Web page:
[vi].  Rousseau asserts: “I believe I can posit as a principle that when the functions of government are divided among several tribunals the least numerous will sooner or later acquire the greatest authority; if only because of the ease in dispatching business, which naturally leads them to acquire it” (SC III 4, 91).  Machiavelli suggests something quite similar, but in a more nuanced manner, in the chapter from which the epigram that starts this essay was drawn.  When he pronounces that “the few always behave in the mode of the few,” Machiavelli argues that small political bodies are much more inclined than large ones (preferably ones comprising the whole citizenry) to act in a biased fashion when passing judgment on prominent citizens accused of threatening liberty (D I.7, cf., I.49).  After all, in most cases, the wealthy and prominent citizens who tend to sit on such committees share the political proclivities of the accused.  But, unlike Rousseau, Machiavelli also leaves open the possibility that members of smaller tribunals may be more susceptible to intimidation and, so, such bodies can be weaker than large bodies.  

[vii].  In the Discourses, Machiavelli suggests that a republic is any regime where more than one person rules, as opposed to a principality where only one rules.  To formulize this in a manner that might have pleased Rousseau: in a principality, rule = 1; in a republic, rule = 1 + n.

[viii].  Obviously, see Rousseau 1754-55/1997.  The most eloquent interpretation of the many dimensions of Rousseau’s egalitarianism remains Shklar 1965.

[ix].  Rousseau famously remarks: “if there were a people of Gods, it would govern itself democratically.  Such a government is not suited for men” (SC III 4, 92).  Explaining this statement, Manin remarks that for Rousseau the ability act generally in one instance and concretely in the next “is beyond human capacity.”  See Manin 1997, 75-76.  As we will see, the differences between the people assembled in Athenian and Roman fashions, enables Rousseau to attribute this rare, indeed divine, ability of deciding both general and particular tasks to the Roman people, under very specific circumstances.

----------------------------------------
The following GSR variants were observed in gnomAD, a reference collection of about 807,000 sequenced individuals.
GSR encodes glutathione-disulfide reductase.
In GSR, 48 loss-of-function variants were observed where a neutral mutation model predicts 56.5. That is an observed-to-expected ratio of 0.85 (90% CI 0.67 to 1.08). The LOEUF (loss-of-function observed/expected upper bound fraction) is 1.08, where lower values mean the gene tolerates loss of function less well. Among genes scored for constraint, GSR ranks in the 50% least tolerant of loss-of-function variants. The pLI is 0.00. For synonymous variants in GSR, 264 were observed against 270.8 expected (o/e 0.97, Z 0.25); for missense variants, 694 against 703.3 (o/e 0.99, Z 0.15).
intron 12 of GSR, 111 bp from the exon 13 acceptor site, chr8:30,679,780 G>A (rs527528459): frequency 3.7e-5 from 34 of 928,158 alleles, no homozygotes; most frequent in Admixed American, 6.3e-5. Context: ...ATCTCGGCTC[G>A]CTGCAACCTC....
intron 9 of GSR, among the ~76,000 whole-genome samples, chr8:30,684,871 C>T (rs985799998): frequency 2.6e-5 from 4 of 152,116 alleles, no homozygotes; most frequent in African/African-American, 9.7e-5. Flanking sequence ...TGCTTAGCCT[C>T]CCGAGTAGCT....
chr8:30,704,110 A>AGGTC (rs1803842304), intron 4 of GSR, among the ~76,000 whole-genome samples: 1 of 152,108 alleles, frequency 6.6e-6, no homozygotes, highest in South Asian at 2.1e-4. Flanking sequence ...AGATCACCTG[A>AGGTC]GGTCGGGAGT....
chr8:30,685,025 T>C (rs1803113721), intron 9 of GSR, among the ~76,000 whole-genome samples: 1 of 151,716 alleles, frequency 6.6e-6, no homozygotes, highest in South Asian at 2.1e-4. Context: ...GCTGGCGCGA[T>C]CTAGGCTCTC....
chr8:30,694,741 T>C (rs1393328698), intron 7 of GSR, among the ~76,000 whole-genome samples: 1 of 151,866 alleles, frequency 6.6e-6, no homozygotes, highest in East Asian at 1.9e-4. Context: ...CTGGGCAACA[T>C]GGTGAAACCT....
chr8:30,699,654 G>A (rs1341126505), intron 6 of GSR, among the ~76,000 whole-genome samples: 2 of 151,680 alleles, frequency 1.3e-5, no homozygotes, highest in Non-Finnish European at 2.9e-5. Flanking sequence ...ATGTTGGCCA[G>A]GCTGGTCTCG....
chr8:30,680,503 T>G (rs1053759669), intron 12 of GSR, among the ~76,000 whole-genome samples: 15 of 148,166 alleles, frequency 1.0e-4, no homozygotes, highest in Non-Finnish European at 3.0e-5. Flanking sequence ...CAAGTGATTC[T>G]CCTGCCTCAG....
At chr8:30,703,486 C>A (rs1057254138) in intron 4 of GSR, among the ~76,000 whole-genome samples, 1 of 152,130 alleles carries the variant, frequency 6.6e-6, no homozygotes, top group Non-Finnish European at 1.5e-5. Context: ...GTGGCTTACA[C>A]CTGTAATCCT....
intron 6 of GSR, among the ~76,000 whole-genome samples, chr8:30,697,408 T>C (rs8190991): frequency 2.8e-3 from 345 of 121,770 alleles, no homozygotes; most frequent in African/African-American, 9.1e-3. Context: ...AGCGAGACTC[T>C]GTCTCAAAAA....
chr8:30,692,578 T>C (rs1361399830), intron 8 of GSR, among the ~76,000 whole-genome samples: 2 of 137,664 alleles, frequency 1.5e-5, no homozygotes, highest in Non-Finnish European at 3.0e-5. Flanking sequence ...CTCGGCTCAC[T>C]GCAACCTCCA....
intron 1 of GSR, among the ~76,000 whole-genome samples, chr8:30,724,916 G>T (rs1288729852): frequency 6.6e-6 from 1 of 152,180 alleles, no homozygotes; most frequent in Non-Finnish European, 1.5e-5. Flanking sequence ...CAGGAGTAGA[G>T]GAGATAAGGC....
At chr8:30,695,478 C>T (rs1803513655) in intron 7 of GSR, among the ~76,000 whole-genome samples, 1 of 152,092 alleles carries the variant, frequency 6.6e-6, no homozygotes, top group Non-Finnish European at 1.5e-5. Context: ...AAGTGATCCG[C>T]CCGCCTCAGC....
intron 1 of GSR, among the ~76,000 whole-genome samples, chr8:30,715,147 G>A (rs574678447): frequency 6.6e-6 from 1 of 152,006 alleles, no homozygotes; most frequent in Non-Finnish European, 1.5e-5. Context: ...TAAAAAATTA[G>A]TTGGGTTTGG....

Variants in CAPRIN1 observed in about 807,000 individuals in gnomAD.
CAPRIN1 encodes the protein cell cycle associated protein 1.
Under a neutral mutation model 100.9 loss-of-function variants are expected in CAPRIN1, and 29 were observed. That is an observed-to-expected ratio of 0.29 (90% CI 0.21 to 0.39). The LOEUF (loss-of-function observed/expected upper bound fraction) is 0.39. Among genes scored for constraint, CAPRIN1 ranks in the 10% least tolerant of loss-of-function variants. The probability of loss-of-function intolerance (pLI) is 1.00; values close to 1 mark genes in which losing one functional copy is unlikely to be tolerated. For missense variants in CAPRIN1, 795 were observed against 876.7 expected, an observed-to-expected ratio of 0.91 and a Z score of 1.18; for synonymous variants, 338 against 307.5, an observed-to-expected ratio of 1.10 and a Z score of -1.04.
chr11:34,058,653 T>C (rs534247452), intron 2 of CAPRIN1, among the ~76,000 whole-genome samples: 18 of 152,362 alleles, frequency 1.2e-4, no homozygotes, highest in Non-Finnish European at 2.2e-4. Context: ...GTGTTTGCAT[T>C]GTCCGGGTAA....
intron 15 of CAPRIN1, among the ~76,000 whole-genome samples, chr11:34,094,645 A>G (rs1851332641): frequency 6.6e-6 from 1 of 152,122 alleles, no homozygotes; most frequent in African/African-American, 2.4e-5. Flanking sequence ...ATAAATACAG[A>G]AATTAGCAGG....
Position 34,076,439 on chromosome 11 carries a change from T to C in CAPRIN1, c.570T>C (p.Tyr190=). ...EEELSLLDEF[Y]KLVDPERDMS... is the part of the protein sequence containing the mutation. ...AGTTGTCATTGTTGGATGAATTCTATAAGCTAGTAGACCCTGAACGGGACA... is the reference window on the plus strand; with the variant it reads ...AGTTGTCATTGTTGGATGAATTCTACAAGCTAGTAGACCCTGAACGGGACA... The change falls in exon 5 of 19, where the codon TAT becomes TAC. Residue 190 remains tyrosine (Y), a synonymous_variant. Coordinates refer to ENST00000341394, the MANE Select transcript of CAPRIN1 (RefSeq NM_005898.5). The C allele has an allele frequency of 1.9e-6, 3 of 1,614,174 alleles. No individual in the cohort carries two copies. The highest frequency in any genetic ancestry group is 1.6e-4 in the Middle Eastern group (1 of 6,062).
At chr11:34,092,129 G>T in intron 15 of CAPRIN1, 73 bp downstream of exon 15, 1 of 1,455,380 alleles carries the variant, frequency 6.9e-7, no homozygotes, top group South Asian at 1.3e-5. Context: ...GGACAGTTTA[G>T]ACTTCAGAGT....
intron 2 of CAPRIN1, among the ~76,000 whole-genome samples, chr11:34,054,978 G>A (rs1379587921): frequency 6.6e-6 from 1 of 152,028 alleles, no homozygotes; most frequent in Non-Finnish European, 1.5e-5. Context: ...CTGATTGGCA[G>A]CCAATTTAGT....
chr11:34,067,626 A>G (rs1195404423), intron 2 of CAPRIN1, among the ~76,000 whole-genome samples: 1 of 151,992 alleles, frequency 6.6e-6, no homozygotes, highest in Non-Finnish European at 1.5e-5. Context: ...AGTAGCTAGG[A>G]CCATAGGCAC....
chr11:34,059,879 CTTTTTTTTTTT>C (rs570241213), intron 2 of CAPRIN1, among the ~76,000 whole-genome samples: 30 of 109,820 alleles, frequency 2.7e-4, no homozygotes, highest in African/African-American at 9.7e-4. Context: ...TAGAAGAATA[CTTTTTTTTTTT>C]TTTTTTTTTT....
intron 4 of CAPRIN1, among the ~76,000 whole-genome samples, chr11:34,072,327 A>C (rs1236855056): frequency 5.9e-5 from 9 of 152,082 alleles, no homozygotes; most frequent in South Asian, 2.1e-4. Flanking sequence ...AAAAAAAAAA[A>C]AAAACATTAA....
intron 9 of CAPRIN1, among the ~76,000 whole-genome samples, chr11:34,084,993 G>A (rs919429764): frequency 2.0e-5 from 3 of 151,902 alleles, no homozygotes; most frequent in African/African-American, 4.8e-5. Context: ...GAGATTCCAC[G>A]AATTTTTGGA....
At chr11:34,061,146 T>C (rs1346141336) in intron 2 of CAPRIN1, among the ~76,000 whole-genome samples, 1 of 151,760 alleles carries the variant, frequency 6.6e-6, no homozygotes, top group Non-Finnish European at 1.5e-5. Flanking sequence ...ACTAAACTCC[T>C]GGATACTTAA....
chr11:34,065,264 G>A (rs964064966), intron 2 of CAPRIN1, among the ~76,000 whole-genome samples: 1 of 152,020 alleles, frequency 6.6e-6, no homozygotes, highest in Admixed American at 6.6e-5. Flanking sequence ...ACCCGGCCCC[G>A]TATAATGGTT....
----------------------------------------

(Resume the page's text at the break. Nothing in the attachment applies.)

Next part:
[x].  Rousseau also provides a foreign policy rationale for preferring elective aristocracy to assembly democracy: “the state’s prestige is better upheld abroad by venerable senators than by an unknown and despised multitude” (SC III 5, 93).

[xi].  Other important differences conditioning the possibility of popular government in Greece and Italy are the place of slavery within each and their respective climates.  The Roman people, for instance, could not constantly assemble because slaves were not responsible for most material reproduction as in Greece, and the seasons’ varied from temperate to intemperate weather in Italy (SC III 15, 115).

[xii].  On the full ramifications of Rousseau’s enmity toward representation, see Urbinati, forthcoming.

[xiii].  For more up-to-date details of Roman political institutions, see Nicolet 1980 and Lintott, 1999.  

[xiv].  This remark may not reflect class elitism but rather fear of political corruption: Rousseau may not be outraged at the prospect of former slaves holding office per se, but merely that such men were notoriously dependent on their former masters, who remained their patrons.

[xv]. Rosenblum (n.d.) situates Rousseau’s “republican holism” within the context of various lineages of anti-party, anti-pluralist and, hence, anti-political political thought.  I would supplement this account with the argument that Rousseau’s holism is actually the most systematically developed version of an aristocratic republicanism that emphasizes the “common good,” political generality and social homogeneity while actually elevating some particular sub-set of the citizenry to political preeminence.